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Legionella Lab Services for Legionella Water Testing in Cooling Towers and Water Systems

Is Legionella Water Testing Important?

Outbreaks of Legionnaires' disease receive significant media attention especially when a large number of people become ill or die. In contrast to highly publicized outbreaks, single infections with Legionella bacteria often go unnoticed. According to the Centers for Disease Control and Prevention (CDC), between 8,000 and 18,000 people are hospitalized with Legionnaires' disease in the United States each year. Legionnaires' disease is a legitimate public health concern as its fatality rate during an outbreak ranges from 5% to 30% in those who contract the disease. The immediate consequences for the building owner or manager faced with liability claims and negative publicity can be devastating and extremely costly. Many experts agree that proactively managing the risk of Legionella bacteria in cooling towers and water systems is more cost effective than responding to an outbreak retroactively.

While a few states and municipalities have instituted guidelines for monitoring Legionella, there are no federal or state regulations that require routine monitoring of buildings with susceptible individuals. We recommend building owners and hospitals establish a Legionella control and management program, including routine monitoring and testing, in areas where the risk of Legionella infection is high. This accomplishes two tasks:

1) It indicates the effectiveness of control measures already in place, and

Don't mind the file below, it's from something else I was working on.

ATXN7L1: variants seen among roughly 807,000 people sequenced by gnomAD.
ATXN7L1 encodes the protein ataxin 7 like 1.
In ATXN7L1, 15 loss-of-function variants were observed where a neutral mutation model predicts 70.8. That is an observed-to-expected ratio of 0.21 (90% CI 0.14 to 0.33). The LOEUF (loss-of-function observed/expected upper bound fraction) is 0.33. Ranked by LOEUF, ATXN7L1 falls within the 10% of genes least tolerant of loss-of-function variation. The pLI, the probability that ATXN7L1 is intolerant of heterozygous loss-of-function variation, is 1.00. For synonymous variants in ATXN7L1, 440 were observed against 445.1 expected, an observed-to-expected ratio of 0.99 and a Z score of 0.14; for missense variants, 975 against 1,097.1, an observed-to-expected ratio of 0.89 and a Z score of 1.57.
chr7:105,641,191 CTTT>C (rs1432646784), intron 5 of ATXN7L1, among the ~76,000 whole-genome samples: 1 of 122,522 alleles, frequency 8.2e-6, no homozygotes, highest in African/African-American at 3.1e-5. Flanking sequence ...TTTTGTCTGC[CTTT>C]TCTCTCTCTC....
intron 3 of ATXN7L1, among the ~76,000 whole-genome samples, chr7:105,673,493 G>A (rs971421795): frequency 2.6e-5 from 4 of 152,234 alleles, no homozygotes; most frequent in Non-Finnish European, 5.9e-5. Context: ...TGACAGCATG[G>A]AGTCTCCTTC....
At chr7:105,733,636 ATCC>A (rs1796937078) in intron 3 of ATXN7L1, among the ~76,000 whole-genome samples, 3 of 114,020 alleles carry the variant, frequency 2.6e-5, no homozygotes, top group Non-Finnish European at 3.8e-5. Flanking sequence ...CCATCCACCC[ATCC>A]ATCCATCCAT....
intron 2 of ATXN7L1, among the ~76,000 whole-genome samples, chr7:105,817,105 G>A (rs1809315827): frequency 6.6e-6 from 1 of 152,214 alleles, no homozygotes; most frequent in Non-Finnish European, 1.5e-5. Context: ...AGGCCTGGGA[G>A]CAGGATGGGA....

2) It provides an early warning of potential problems.

Legionella in Cooling Towers and Water Systems

Although some species of Legionella can be found in the soil, most species live in water. The Gram-negative Legionella bacterium thrives in warm, stagnant water but it can survive under a wide range of temperatures (68° to 122°F), pH and dissolved oxygen levels. Legionella pneumophila has been isolated and associated with outbreaks stemming from air-conditioning cooling towers, whirlpool spas and showers. Other water devices can include potable water systems, whirlpool baths, respiratory care equipment, humidifiers and faucets. As water from these sources is aerosolized, individuals inhale the Legionella-containing droplets and the organism is aspirated into the lungs. Smokers and individuals with weakened immune systems have a higher risk of developing Legionellosis (Legionnaires' disease or Pontiac fever).

Lab Services: Legionella Detection Methods

Legionella Culture Method
The culture method remains the "gold standard" for detecting Legionella from environmental sources. This technique, unfortunately, requires up to 10 days to complete, precious time that could be used to pinpoint Legionella sources and prevent additional exposures.

Legionella PCR Method
Another Legionella detection method is polymerase chain reaction (PCR), a molecular technique that offers a very sensitive method and only requires a few hours to complete. The PCR method provides an extremely powerful screening tool for the rapid Legionella detection in environmental samples, although it doesn't distinguish between living and dead cells. But unless the environment has been recently altered, such as with a biocide application, moderate to high populations of Legionella detected by PCR are usually indicative of an existing or potential future problem. Therefore, the PCR method can rapidly identify potential sources, facilitating disinfection processes and help to prevent further exposures. Because this method does not determine viability of the Legionella bacteria, the PCR screen must be considered presumptive and requires confirmation via conventional culture techniques.